She applied the Page 69 Test to her new novel, Matters of Faith, and reported the following:
Oddly enough, page 69 of Matters of Faith starts at the beginning of a sentence and ends at the end of a sentence. Serendipity? Or remarkable planning on the part of the author, who, hoping she would be asked to contribute to The Page 69 Test, worked out exactly what page of her manuscript would be page 69 of her finished novel? Oh yeah, I'm that brilliant.Read an excerpt from Matters of Faith, and learn more about the author and her work at Kristy Kiernan's website and her blog.
Anyway, I'm more pleased with page 69 in Matters of Faith than I was in my first novel, Catching Genius. Here we have Marshall, a confused young man, in search of faith, in search of God, in search of love, in search of anything. He's just leaving the hospital where his little sister, Meghan, has been brought after going into anaphylactic shock from eating a cookie containing a bit of peanut, to which she is highly allergic.
Ada, the young woman he's with, has been the catalyst for this horrifying event, and convinced Marshall that they could pray for his sister's recovery, rather than seeking medical attention.
Page 69 shows Marshall's struggle to reconcile the feelings he has for Ada, both emotional and sexual, with the horror and guilt he feels over what happened to Meghan.
What we don't see on page 69, is the point of view of Marshall's mother, Chloe, who alternates chapters with Marshall throughout the book. Chloe has to figure out if she wants to hold her marriage to her husband, Cal, together through this crisis with Meghan, as well as work through her own feeling of guilt and confusion over how she raised a son who could harm his own sister so grievously.
This was a successful Page 69 Test for me. Aside from only showing one point of view, it does accurately represent the secondary protagonist's tone and main conflicts. Thanks for the opportunity to apply The Test again, and I hope you enjoy Page 69 of Matters of Faith:
He'd found Ada sitting in a chair in the corner of the emergency room waiting area, crutches leaning on the table beside her, her legs bandaged. When she saw him, he could do little more than shake his head at her before saying gruffly, his voice foreign to himself: "Let's go."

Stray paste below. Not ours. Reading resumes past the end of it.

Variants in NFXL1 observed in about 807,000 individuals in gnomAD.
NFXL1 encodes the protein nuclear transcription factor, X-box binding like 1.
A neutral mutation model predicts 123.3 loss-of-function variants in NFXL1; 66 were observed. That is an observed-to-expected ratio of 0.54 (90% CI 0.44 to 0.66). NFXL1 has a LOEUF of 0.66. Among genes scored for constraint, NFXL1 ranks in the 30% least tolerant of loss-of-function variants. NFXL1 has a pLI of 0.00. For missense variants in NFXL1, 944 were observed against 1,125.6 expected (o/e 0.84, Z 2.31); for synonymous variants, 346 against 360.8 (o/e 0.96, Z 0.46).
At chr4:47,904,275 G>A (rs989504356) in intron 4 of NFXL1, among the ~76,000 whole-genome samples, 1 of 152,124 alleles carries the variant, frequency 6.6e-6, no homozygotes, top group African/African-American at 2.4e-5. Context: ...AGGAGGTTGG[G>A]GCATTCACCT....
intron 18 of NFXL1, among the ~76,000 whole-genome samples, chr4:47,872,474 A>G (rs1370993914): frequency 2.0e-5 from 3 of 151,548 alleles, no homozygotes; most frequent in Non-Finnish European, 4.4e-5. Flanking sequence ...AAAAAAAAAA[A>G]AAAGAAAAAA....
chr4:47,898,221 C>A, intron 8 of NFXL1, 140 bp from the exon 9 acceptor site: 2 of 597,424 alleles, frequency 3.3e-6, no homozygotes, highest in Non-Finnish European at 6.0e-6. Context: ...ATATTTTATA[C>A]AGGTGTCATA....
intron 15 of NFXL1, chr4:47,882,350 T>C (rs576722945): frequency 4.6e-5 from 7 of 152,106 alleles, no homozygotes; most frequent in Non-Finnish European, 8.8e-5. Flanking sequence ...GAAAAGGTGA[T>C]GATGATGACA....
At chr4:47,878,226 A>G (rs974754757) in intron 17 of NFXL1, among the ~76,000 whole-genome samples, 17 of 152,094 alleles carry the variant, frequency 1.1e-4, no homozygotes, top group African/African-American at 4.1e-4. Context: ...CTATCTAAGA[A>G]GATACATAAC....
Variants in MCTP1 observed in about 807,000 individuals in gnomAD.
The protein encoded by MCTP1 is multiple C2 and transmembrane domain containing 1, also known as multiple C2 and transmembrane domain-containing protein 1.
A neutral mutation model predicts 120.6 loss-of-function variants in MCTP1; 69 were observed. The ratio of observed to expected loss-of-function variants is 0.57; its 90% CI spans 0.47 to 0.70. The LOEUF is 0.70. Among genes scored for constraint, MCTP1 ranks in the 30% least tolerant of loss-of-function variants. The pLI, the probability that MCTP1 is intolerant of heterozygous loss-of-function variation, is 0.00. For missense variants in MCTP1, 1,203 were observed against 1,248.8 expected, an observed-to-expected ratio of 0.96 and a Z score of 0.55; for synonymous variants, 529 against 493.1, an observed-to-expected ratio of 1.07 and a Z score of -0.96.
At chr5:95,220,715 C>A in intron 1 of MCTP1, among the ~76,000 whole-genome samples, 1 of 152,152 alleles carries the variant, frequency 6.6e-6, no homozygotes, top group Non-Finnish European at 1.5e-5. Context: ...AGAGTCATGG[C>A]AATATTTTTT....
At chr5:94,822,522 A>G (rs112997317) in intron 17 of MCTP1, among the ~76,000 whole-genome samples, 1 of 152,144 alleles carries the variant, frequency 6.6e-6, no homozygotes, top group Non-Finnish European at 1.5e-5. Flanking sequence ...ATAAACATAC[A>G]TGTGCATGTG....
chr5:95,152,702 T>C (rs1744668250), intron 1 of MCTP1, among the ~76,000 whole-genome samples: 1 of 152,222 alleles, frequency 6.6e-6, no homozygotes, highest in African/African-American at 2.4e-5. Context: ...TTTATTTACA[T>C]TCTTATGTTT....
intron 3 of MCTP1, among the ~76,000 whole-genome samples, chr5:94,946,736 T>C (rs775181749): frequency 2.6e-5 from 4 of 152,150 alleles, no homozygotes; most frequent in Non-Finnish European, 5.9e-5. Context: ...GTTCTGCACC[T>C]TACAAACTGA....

He'd allowed her to make her way alone across the parking lot on her crutches and started the car watching her hobble toward him in the rearview mirror, wishing he had the guts to put it in reverse and extinguish her from his view.
She worked her crutches into the backseat and got in the car, groaning as she bent her legs, and finally slammed the door shut with a sigh. She was clutching a sheaf of papers in her left hand and as they brushed the hairs of his arm he recoiled as if singed.
She didn't speak until they had pulled out of the parking lot. "Is she--is everything okay?"
He rolled to a stop at a red light and looked at her, really looked at her. Her tiny face was pinched in pain, her mouth drawn into a tight line, a mouth he'd placed his own lips on. The lines of her delicate shoulders he'd run his hands across, small, perfect breasts he'd caressed, the first he'd held, kissed, her slender hips tucked back into the seat cupping her perfect bottom that fit right in his hands as if sculpted just for them.
He hated her.
And he hated himself for wanting her so desperately at the same time, for feeling his cock stir while his sister lay dying. If he had the guts to cut it off right then he would have.
She glanced at him and then down at her lap. When the light turned green and he moved forward she reached over and placed her hand on his leg. He shifted gears and then gingerly, not trusting himself to touch any more of her skin than he had to, picked her hand up and dropped it back on her lap.
The Page 69 Test: Catching Genius.
My Book, The Movie: Catching Genius.